Purple Cow ice cream
It may come as a bit of a shock that the ice cream flavor Purple Cow -- black raspberry ice cream with white & dark chocolate chunks and raspberry chips -- isn’t found everywhere. That shock will soon turn to gleeful covetousness.
Even though you invariably ended up scarfing one side down completely, and then grudgingly nibbling at the other, you most likely loved these things growing up. Something about their yin-and-yang dualism was comfortingly zen.
Your town definitely had an “[INSERT NAME OF TOWN] House of Pizza” or an "[INSERT STANDARD FIRST NAME]'s Pizza", and they likely served up that Greek style of pizza that you took to be the only style of pizza that existed in the world outside of Papa Gino's and Regina until you went to college with an Italian kid from Brooklyn named Anthony. Its traits include a thick layer of cheese, crispy, semi-thick (usually bland) crust soaked through with oil, and oregano-infused tomato sauce. Mmmmm. Someone pass the (fake) grated Parmesan!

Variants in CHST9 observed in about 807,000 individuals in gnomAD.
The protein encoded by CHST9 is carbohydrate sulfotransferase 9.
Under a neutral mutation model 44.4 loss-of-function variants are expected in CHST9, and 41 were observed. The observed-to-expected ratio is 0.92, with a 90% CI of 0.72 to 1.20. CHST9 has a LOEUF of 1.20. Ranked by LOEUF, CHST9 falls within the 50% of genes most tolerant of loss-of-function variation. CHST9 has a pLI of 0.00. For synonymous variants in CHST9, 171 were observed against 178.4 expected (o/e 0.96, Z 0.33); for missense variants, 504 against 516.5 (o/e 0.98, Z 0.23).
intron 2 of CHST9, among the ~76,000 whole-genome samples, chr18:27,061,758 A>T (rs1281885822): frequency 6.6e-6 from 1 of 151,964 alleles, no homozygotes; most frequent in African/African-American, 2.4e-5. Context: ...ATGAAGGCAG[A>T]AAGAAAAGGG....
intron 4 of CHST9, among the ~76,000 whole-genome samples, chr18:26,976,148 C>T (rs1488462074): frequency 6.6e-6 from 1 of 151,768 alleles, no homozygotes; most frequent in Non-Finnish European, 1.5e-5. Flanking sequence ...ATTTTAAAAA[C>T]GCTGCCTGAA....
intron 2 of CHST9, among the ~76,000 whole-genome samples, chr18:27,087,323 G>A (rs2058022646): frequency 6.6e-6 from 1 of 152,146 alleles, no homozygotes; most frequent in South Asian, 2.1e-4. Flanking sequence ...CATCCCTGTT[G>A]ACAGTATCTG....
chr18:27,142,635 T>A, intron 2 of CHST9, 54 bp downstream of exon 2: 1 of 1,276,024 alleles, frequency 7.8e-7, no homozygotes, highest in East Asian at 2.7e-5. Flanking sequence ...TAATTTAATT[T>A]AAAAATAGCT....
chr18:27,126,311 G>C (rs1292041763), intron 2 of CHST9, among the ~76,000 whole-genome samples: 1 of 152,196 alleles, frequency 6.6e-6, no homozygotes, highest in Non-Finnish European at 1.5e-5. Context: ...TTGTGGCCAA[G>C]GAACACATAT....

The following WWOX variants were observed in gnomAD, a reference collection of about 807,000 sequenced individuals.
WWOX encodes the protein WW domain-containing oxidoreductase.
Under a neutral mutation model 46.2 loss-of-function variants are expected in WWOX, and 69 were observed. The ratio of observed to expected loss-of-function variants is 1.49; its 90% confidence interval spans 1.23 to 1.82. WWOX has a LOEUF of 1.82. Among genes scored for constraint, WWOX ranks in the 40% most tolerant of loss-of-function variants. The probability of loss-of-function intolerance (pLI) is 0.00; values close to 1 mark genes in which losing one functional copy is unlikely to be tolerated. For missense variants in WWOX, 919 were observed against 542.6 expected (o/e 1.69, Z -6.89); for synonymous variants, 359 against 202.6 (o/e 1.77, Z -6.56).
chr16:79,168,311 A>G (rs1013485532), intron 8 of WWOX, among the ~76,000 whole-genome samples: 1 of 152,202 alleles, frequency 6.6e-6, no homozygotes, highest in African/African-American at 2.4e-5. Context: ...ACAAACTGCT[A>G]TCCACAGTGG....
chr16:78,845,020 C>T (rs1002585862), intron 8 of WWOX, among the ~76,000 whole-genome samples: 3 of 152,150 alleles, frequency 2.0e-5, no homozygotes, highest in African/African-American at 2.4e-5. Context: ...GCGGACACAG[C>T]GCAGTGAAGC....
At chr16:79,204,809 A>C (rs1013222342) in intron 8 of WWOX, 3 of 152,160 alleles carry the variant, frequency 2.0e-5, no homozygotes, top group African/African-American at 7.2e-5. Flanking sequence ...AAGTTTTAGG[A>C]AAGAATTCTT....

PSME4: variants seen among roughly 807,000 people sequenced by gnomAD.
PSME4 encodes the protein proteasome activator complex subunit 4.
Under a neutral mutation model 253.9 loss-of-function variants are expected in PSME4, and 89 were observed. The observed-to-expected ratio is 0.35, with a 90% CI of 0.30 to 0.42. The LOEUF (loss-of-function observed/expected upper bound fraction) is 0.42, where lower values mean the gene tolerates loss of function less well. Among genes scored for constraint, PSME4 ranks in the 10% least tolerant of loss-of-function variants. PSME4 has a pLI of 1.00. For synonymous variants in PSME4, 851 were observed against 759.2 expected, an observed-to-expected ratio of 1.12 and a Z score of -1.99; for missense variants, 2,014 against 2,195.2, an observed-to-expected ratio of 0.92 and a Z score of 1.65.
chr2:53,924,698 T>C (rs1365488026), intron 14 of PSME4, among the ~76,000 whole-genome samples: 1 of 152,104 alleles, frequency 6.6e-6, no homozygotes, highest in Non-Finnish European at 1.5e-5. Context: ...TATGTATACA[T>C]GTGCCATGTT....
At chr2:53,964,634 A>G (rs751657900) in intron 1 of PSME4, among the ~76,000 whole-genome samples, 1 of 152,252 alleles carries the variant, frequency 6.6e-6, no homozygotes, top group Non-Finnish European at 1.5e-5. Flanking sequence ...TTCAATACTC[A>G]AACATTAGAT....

It didn’t matter how much your family bickered over where to go or what to order when you got there, because if the idea of going to Bertucci’s crept into at least one person’s mind, everyone would agree to go there just based on the merit of their fresh-baked rolls alone.
Wachusett or Cape Cod Potato Chips
Depending on where you were in New England, one of these two companies’ chips were commonly served as a side dish to any grinder, hot dog, or larger bag of chips.
This is what we call milkshakes, except something about calling them “frappes” makes them taste better.